About midnight under a waxing moon, turtle hatchlings began to squirm their way out of a dune at Dewees Inlet and wriggle their way to the surf.
The emergence from an Isle of Palms loggerhead nest Thursday night was one more sign that another prime year of sea turtle nesting is well underway. The state on Friday surpassed the record number for nests with at least 5,200 laid, according to the marine turtle conservation site at S.C. Department of Natural Resources.
Loggerheads are keeping up what appears more and more to be a remarkable recovery.
Turtles are emerging now all along the coast, marking the turning point in the season when turtle watchers’ emphasis starts to shift from finding and safeguarding nests to keeping tabs on the hatches and emerging turtles.
The record had been 5,198, set in 2013. This season is the third straight year of 5,000 or more nests. It includes an unprecedented 69 nests laid in one day in Cape Romain.
“These are impressive nest counts,” said Michelle Pate, S.C. Department of Natural Resources. “Many projects are reporting breaking their previous annual total nest count records.”
The Cape Romain nesting also included 131 “false crawls,” or attempts to nest, she said. To put it in perspective, the second-largest number of nests in a day so far this year is 13, on Hilton Head Island, she said.
The numbers bolster the cautious optimism among wildlife biologists that the South Carolina nesting population is showing signs of making a comeback after years of decline. There are seven species of sea turtles found across the world, and all of them are considered endangered or threatened.
Meanwhile, Georgia also is reporting a record number of nests, 2,890, surpassing a goal set to reach by 2028, according to The Associated Press.
The turtles remain among the most mysterious of sea creatures. They spend nearly all their life in the ocean and nobody really knows how many are out there.
Since the turtles were put on the federal endangered species list in the 1970s, the numbers of Atlantic nesting turtles generally have been thought to be in severe decline in Florida, where the overwhelming bulk of nests are laid, and a more gradual decline in South Carolina, where the most nests outside Florida are laid.
The states are the two largest-by-numbers nesting grounds in the world for loggerhead turtles, which lay the overwhelming bulk of the nests.
Nearly all the nests laid here this year have been loggerheads, the 300-pound mammoth that is one of the beloved creatures of the Lowcountry coast. But a species hasn’t been determined yet for 14 of the nests. Green sea turtles also are found here, occasionally the huge leatherback and the Kemp’s ridley, the rarest species.
It’s not all happy news. Not long after the Isle of Palms nest hatched, a crew from the South Carolina Aquarium was on its way to Myrtle Beach, to transport an adult loggerhead to the Ripley’s Aquarium to continue treatment. Again the treatment facility at the South Carolina Aquarium finds itself with more turtles that it can hold.
Along with the increase in nests, the number of strandings, or turtles found sick or dead, also is up this year, with at least 140 reported so far. That surpasses the 20-year average of 138, Pate said.
“We’ve had some odd strandings with both leatherbacks and loggerheads that appear to have been associated with the king tides this year as these animals have been found wandering in the marshes,” she said. When they could be helped, the first facility people have turned to has been the S.C. Aquarium.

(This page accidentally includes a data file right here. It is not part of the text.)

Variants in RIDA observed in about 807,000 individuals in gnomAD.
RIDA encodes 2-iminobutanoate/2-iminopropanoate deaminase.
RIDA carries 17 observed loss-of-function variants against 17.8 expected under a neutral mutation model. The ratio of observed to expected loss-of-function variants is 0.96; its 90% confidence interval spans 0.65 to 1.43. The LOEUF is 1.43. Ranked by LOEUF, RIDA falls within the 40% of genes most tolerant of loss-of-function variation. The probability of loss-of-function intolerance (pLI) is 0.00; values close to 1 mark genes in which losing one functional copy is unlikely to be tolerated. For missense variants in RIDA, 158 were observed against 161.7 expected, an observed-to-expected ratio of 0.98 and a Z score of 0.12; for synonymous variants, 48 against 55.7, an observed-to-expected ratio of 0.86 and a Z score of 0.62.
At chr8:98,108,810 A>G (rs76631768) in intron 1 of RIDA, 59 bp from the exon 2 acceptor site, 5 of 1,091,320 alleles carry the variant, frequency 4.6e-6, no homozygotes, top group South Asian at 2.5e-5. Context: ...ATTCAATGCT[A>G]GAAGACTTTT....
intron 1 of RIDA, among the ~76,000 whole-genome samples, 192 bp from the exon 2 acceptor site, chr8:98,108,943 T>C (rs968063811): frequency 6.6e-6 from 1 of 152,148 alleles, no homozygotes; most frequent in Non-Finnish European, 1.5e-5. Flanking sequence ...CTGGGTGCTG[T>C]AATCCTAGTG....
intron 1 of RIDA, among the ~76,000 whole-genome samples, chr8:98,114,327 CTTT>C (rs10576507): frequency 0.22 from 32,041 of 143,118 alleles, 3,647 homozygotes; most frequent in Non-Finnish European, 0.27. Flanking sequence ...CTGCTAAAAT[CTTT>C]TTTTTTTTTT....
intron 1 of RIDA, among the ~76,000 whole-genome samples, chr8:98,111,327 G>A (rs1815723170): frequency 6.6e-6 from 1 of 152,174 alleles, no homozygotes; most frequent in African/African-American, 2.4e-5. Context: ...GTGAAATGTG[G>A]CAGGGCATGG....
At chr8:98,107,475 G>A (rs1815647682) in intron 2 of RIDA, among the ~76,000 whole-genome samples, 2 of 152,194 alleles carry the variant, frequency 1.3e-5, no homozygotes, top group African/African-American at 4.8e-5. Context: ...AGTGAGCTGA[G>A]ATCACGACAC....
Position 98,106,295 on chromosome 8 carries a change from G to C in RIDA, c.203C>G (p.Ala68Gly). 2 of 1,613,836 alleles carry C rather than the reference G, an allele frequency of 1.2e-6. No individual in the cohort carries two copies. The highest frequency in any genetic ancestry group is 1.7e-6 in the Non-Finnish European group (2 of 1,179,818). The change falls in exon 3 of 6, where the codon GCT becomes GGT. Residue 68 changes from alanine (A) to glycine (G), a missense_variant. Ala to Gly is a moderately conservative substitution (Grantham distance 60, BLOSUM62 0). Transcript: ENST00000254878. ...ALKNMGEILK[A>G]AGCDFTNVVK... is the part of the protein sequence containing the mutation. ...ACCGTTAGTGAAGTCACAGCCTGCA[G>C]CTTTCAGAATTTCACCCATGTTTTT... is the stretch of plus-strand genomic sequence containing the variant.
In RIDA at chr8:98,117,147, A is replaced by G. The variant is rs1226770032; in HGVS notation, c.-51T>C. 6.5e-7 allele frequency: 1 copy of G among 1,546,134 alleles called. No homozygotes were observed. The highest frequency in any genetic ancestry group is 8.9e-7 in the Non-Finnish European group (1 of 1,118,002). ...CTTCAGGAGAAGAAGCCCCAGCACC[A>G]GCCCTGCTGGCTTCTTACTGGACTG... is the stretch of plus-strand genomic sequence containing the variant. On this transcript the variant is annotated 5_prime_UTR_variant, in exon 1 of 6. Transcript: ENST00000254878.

That facility by Friday had taken in 20 loggerheads, seven Kemp’s ridley, seven green and a leatherback from South Carolina alone so far this year.
“We’ve admitted more live South Carolina strandings in the first six months this year than in all of last year,” said Kelly Thorvalson, the facility manager. The aquarium breaks ground in September on a larger facility and “it can’t happen soon enough. We’re just really, really struggling with the number of turtles that need rehabilitative care,” she said.
Turtles admitted to the facility this year have had a variety of troubles: fish hooks, boat strikes or dredging injuries, shark attack. But far more than half have been severely debilitated.
National Oceanic and Atmospheric Administration fisheries scientists have been documenting the turtles’ exposure to man-made contaminants that research is suggesting is tied to at least some of the debilitating diseases. Research has shown contaminant releases, particularly in rain runoff, are a problem in the Lowcountry, where they are suspected to cause or contribute to health problems with other sea creatures.
In 2015 nearly 315,000 eggs hatched in South Carolina. But only a few hatchlings survive to adults; both face natural predators as well as manmade threats.
South Carolina led the nation in efforts to bring back the turtles that have included the turtle watch groups as well as mandating “excluder devices” on shrimp boat nets. But with the coast rapidly developing and continually eroding, providing enough open beach for nesting is becoming a challenge for restoring the species.
The Isle of Palms nest was laid by a loggerhead that crawled across the fairway of the signature 18th hole of the Wild Dunes Resort to deposit the eggs in a hazard area. Turtle watchers moved the nest to a more protected spot along the inlet, said Barb Bergwerf, of the Island Turtle Team.
Biologists encouraged beach residents to keep lights dimmed during the hatching season. Hatchlings find their way to sea by the ambient light off the ocean can become disoriented by other lights. The eggs usually finish hatching by October.
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